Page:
Drop the chicken pieces into heated oil, and deep fry until golden brown. Keep the friend chicken aside.

In a bowl, mix together the: yogurt, chili powder, garam masala, cumin, coriander, turmeric, red color, and salt to make a thick paste.

In a wok heat up a few tablespoons of oil and fry the curry leaves for 2 minutes. Then, add the yogurt paste. Cook for a few minutes stirring frequently. Add the cooked chicken pieces and mix well. Keep cooking until all of the sauce has been absorbed by the chicken. Add the green chilies and serve.

Chocolate Blancmange

January 14, 2011

simplicity conquers yet again

Sometimes the most basic recipes turn out the absolute best. The ones that don’t have very many ingredients or complicated techniques. As far as desserts are concerned, they can be quite complex and time consuming. However, every now and then I get a recipe for something really simple to make that tastes amazing. If you have ever wanted a recipe for a quick dessert using whatever ingredients you have at home then you may be interested in trying out a ‘blancmange.’

I never heard of a ‘blancmange’ before my sister in law told me about it. It basically is a very thick pudding type dessert which needs to be placed in a mold and chilled much like jello. You can add any  flavoring you want, but apparently the most common flavor is almond. Similar desserts include Panna Cotta or Bavarian Cream.

We decided to make blancmange with my sister in laws recipe which had chocolate flavoring and it turned out very decadent. The texture was very smooth like pudding and is best when eaten very cold. What I discovered when learning how to make this: it takes no time at all, and is a perfect “go to” recipe when in need of an easy dessert. In fact, it’s amazingly simple, see for yourself:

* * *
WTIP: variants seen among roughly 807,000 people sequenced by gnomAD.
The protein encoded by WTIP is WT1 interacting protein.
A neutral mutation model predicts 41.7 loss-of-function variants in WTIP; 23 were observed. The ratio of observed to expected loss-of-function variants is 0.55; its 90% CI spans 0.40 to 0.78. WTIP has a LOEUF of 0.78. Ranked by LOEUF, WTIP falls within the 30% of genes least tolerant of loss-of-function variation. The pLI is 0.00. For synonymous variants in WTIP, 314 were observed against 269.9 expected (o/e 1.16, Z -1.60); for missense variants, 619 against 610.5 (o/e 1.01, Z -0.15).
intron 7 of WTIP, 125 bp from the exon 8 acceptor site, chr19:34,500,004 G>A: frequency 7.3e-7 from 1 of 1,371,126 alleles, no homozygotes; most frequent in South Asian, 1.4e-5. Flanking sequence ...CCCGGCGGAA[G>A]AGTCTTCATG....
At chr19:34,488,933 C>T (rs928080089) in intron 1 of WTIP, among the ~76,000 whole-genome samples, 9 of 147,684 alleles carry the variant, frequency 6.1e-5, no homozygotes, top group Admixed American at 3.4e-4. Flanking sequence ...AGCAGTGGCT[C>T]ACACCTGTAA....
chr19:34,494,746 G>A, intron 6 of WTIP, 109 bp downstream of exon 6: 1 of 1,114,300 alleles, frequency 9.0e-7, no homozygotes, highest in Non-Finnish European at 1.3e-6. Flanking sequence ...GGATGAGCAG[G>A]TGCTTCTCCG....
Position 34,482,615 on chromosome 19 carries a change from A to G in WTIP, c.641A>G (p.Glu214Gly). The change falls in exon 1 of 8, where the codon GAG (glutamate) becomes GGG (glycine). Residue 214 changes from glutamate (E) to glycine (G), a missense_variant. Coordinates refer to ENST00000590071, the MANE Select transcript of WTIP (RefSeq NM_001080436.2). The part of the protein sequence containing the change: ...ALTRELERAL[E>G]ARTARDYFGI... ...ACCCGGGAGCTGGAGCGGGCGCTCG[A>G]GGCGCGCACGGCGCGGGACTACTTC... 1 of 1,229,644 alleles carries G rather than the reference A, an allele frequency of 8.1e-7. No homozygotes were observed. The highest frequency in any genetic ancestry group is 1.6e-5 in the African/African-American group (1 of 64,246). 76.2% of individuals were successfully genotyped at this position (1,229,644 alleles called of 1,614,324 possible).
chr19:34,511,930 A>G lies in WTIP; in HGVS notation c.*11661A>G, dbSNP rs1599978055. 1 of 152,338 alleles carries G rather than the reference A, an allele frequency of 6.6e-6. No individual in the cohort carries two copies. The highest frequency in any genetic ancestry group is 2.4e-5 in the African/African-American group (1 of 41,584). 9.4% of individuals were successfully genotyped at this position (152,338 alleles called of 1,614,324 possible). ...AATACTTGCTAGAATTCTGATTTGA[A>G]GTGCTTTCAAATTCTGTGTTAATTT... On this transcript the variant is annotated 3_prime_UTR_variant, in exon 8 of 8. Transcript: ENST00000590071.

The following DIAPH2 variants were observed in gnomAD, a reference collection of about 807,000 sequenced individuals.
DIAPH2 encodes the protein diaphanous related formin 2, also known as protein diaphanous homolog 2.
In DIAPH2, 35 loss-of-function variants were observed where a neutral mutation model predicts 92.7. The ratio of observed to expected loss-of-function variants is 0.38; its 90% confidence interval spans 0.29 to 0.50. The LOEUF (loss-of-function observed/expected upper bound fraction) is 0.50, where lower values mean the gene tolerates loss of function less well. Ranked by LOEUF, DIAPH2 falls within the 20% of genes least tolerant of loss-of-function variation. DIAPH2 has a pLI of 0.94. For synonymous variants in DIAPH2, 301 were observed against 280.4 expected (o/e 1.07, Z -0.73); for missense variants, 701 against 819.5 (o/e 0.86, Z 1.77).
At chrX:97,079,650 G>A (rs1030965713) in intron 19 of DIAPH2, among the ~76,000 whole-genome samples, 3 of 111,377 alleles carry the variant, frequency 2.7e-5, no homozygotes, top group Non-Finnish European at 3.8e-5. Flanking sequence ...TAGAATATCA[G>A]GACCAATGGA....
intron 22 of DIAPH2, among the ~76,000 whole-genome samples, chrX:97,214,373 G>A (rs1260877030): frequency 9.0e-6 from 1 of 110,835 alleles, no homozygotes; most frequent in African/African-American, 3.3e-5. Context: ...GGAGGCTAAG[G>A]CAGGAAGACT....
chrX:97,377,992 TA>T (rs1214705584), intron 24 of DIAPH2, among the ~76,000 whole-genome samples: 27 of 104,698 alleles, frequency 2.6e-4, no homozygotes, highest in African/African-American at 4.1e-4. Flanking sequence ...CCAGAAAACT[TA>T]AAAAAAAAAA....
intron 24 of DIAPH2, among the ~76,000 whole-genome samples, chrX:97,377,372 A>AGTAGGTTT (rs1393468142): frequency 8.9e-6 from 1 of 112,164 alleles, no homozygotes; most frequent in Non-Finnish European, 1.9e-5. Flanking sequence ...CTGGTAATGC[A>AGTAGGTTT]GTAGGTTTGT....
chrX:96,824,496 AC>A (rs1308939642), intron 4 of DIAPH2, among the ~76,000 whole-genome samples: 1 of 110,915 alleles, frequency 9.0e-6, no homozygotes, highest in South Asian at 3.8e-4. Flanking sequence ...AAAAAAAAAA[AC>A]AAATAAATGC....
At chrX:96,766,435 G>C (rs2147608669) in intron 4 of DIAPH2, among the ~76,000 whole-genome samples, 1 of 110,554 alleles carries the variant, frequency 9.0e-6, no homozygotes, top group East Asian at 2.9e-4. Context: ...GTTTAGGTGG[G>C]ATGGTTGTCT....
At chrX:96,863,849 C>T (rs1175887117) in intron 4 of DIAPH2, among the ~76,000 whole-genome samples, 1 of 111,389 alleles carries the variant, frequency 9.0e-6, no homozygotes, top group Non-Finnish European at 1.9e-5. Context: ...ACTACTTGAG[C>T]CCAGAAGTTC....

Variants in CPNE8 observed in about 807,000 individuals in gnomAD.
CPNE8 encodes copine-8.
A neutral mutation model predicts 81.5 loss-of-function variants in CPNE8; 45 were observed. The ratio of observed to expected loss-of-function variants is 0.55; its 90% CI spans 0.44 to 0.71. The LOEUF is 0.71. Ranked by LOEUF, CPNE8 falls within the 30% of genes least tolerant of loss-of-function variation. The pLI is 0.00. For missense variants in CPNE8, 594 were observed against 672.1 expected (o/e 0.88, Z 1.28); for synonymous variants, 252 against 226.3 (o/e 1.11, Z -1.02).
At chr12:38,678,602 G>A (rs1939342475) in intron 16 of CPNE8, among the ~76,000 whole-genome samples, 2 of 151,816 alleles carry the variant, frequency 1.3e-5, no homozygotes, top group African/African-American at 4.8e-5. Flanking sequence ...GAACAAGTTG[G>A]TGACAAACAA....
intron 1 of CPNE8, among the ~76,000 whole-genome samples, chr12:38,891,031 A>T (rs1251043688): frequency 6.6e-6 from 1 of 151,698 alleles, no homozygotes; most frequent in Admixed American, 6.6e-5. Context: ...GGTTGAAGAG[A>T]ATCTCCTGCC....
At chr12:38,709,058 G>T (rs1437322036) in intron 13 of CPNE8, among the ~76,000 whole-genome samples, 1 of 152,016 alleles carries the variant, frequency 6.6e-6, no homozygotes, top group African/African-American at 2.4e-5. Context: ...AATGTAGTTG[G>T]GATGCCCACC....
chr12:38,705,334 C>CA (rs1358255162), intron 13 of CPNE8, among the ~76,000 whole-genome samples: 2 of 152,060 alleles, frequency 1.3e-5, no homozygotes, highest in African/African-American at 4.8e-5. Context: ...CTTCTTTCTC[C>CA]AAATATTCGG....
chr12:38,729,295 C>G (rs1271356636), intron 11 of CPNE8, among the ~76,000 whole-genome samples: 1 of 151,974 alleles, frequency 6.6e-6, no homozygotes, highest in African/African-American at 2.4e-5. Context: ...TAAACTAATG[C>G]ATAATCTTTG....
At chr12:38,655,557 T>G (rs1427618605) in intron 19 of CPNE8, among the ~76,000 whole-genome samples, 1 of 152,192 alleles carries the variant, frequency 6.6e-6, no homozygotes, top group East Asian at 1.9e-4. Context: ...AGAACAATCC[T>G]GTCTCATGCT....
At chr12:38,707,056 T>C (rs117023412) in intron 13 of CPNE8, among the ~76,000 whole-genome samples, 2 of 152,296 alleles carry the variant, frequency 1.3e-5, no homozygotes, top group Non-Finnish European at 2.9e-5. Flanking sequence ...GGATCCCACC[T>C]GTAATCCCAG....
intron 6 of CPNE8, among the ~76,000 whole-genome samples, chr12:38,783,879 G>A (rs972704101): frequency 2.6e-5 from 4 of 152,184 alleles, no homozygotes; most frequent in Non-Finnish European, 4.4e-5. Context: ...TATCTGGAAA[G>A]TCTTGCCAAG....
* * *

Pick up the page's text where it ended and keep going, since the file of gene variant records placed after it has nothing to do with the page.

Chocolate Blancmange Recipe:

  • 4 cups of milk (1 litre)
  • 4-5 tablespoons cocoa powder
  • 2 cups of sugar (more or less to taste)
  • 1 cup corn starch
  • 2 cup walnuts (you can use cashews or almonds instead)
  • 1 stick of butter
  • coarsely chopped chocolate cream cookies (such as oreos with chocolate cream)
  • chocolate bar for garnish (optional)
  • carmel sauce for garnish (optional)

Heat 4 cups of milk in a small pot until boiling. Next, add the sugar and half of the walnuts and stir well; do a taste check of the milk to see if it is sweet enough, add sugar accordingly.

In a small bowl mix the cocoa powder and cornstarch with water until it becomes a liquidy paste; add this to the milk mixture while whisking continuously. Cook until it becomes very thick then turn off the heat and mix in the butter.

Begin layering the blancmange by pouring half of the chocolate mixture into a greased mold (such as a bundt pan). Then make a layer of the cookies and the remainder of the walnuts. Add the remaining of the chocolate mixture and let the whole thing cool for a little while before putting it in the fridge.

Refrigerate for a few hours but ideally overnight will give you the best result.

Once the blancmange has been chilled take it out of the mold onto a plate and garnish with whatever you like such as shavings of chocolate or a drizzle of carmel sauce.

Make slices as if it were a cake and serve! You will find in the middle a layer of the chocolate cookies and walnuts.

Gobi Manchurian

December 24, 2010